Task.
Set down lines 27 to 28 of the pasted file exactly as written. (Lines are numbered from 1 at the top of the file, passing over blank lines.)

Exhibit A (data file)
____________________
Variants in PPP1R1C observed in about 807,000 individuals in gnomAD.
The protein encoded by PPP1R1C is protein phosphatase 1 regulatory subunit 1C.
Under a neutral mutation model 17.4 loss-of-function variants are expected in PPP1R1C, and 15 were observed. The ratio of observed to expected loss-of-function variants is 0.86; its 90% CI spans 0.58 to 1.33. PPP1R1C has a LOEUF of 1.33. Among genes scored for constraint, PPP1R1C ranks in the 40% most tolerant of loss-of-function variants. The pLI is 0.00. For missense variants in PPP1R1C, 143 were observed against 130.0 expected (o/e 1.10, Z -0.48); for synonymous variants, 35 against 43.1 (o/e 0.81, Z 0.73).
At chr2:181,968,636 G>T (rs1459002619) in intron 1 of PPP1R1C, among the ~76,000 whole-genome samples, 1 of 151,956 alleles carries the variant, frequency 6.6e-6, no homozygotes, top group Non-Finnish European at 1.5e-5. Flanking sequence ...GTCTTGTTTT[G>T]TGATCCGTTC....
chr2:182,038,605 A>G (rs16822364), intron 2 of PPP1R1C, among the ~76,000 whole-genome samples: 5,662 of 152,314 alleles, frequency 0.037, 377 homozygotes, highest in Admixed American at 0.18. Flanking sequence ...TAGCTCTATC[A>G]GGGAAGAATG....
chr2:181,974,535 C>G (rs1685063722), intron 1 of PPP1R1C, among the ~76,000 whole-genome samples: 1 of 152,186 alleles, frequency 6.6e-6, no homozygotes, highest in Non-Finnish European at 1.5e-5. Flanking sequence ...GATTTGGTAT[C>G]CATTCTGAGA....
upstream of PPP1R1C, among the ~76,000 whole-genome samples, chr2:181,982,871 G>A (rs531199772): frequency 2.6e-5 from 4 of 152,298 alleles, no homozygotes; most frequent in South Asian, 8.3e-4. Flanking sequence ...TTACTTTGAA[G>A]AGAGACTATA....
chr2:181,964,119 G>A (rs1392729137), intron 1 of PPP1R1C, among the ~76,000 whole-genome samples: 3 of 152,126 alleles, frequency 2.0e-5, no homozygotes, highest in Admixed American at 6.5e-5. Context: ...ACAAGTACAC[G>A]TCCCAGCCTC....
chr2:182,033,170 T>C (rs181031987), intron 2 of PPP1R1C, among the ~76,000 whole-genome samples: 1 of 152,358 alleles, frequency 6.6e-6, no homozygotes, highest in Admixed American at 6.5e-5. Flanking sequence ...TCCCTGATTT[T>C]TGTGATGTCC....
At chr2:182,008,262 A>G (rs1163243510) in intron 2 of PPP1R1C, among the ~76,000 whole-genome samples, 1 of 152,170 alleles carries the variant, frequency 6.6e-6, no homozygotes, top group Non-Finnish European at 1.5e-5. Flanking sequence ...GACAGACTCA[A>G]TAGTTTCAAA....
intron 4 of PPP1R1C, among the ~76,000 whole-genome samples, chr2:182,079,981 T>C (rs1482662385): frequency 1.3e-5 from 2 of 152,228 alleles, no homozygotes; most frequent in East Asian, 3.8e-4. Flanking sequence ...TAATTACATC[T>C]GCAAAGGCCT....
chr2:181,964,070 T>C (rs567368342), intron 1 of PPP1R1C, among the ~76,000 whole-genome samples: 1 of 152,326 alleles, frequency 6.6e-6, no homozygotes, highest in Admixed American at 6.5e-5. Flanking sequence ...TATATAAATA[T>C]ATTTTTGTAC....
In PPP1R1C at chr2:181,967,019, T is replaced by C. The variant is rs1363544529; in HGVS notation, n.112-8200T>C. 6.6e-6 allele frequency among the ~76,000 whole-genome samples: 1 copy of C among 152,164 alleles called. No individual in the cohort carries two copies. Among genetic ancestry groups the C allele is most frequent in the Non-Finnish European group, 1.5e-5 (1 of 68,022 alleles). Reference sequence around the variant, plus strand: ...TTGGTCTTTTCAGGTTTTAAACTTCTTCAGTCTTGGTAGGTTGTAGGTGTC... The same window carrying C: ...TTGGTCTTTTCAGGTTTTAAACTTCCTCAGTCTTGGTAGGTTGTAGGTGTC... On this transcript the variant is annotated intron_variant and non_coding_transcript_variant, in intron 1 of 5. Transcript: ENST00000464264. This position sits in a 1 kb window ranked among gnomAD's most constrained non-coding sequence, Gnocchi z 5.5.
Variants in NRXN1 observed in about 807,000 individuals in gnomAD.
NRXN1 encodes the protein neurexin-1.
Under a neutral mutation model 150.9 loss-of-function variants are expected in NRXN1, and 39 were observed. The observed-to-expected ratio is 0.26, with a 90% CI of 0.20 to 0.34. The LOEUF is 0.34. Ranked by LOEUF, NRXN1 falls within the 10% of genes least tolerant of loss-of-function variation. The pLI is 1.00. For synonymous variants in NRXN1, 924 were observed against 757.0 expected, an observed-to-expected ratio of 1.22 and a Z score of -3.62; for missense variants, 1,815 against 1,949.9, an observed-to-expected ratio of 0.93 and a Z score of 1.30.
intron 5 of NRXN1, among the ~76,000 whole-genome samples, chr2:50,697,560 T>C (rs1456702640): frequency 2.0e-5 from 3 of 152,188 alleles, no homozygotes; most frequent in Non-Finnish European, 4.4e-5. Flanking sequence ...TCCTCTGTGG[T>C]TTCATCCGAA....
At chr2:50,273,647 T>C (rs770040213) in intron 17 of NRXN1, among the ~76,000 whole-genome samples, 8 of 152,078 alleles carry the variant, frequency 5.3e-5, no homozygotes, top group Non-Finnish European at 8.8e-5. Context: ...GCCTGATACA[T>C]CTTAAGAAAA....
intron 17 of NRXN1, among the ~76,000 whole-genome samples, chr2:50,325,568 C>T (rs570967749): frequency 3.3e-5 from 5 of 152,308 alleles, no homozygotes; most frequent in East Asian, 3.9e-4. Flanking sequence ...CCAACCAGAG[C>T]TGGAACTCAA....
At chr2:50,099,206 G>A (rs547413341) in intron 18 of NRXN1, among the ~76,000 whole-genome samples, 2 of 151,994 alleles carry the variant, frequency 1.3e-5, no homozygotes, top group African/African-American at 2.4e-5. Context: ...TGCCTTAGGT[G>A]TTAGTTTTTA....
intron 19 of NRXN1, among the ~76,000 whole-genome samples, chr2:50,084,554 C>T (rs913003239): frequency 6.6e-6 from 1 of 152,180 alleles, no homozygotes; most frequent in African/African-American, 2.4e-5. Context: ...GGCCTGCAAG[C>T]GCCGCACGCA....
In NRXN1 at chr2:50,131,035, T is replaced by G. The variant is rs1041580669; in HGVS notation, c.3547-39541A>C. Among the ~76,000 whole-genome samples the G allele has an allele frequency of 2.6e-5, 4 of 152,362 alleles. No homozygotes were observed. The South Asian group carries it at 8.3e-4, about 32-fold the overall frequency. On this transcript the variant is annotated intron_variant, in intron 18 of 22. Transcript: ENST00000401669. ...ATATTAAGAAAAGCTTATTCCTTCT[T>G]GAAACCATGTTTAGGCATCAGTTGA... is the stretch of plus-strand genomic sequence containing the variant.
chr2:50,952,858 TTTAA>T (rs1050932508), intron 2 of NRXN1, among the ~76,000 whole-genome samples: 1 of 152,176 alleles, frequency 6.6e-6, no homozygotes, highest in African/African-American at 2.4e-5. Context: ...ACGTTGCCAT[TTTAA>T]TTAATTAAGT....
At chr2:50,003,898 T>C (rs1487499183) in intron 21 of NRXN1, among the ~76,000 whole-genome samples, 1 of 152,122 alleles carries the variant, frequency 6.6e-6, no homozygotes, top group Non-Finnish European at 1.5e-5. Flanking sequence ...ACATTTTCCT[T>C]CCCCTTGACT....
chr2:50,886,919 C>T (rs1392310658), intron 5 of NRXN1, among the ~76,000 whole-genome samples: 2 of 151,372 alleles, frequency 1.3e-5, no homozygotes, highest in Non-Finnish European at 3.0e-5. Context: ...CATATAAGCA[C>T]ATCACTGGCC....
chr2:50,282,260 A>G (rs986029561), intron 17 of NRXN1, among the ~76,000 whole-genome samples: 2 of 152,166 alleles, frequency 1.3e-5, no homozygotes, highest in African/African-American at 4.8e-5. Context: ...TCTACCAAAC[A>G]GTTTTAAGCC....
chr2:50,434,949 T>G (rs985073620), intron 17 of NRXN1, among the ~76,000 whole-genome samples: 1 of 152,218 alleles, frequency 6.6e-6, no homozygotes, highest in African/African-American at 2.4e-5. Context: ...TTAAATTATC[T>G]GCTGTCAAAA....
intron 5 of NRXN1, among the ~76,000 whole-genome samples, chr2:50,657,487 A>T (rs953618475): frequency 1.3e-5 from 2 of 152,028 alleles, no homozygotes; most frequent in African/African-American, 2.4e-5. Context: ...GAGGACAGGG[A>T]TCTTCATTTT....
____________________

chr2:50,434,949 T>G (rs985073620), intron 17 of NRXN1, among the ~76,000 whole-genome samples: 1 of 152,218 alleles, frequency 6.6e-6, no homozygotes, highest in African/African-American at 2.4e-5. Context: ...TTAAATTATC[T>G]GCTGTCAAAA....
intron 5 of NRXN1, among the ~76,000 whole-genome samples, chr2:50,657,487 A>T (rs953618475): frequency 1.3e-5 from 2 of 152,028 alleles, no homozygotes; most frequent in African/African-American, 2.4e-5. Context: ...GAGGACAGGG[A>T]TCTTCATTTT....